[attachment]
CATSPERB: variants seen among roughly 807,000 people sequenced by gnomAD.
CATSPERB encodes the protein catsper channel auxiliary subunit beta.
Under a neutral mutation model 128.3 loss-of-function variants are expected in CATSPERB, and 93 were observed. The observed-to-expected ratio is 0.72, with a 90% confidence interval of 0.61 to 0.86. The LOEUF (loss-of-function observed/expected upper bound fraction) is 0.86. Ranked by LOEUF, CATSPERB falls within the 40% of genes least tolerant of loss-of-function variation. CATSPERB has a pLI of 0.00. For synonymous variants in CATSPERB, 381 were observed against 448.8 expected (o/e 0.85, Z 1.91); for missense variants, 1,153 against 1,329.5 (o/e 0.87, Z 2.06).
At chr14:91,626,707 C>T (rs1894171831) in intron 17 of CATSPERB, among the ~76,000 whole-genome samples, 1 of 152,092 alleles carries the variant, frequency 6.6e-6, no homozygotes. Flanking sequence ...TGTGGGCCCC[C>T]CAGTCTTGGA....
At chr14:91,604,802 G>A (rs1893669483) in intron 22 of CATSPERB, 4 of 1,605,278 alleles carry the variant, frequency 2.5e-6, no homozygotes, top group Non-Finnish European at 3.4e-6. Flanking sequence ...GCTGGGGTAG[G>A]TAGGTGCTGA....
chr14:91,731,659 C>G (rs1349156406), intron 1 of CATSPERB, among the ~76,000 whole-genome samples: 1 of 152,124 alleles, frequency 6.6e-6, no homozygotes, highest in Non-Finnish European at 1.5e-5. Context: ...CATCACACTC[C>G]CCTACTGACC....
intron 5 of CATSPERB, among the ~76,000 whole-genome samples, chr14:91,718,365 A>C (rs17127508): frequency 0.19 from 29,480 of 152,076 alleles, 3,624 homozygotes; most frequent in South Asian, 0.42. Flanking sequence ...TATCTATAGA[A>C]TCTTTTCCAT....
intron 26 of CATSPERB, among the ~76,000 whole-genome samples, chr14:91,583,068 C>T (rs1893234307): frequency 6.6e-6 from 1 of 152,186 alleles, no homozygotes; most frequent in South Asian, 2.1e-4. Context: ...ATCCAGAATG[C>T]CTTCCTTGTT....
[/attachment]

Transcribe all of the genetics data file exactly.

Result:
CATSPERB: variants seen among roughly 807,000 people sequenced by gnomAD.
CATSPERB encodes the protein catsper channel auxiliary subunit beta.
Under a neutral mutation model 128.3 loss-of-function variants are expected in CATSPERB, and 93 were observed. The observed-to-expected ratio is 0.72, with a 90% confidence interval of 0.61 to 0.86. The LOEUF (loss-of-function observed/expected upper bound fraction) is 0.86. Ranked by LOEUF, CATSPERB falls within the 40% of genes least tolerant of loss-of-function variation. CATSPERB has a pLI of 0.00. For synonymous variants in CATSPERB, 381 were observed against 448.8 expected (o/e 0.85, Z 1.91); for missense variants, 1,153 against 1,329.5 (o/e 0.87, Z 2.06).
At chr14:91,626,707 C>T (rs1894171831) in intron 17 of CATSPERB, among the ~76,000 whole-genome samples, 1 of 152,092 alleles carries the variant, frequency 6.6e-6, no homozygotes. Flanking sequence ...TGTGGGCCCC[C>T]CAGTCTTGGA....
At chr14:91,604,802 G>A (rs1893669483) in intron 22 of CATSPERB, 4 of 1,605,278 alleles carry the variant, frequency 2.5e-6, no homozygotes, top group Non-Finnish European at 3.4e-6. Flanking sequence ...GCTGGGGTAG[G>A]TAGGTGCTGA....
chr14:91,731,659 C>G (rs1349156406), intron 1 of CATSPERB, among the ~76,000 whole-genome samples: 1 of 152,124 alleles, frequency 6.6e-6, no homozygotes, highest in Non-Finnish European at 1.5e-5. Context: ...CATCACACTC[C>G]CCTACTGACC....
intron 5 of CATSPERB, among the ~76,000 whole-genome samples, chr14:91,718,365 A>C (rs17127508): frequency 0.19 from 29,480 of 152,076 alleles, 3,624 homozygotes; most frequent in South Asian, 0.42. Flanking sequence ...TATCTATAGA[A>C]TCTTTTCCAT....
intron 26 of CATSPERB, among the ~76,000 whole-genome samples, chr14:91,583,068 C>T (rs1893234307): frequency 6.6e-6 from 1 of 152,186 alleles, no homozygotes; most frequent in South Asian, 2.1e-4. Context: ...ATCCAGAATG[C>T]CTTCCTTGTT....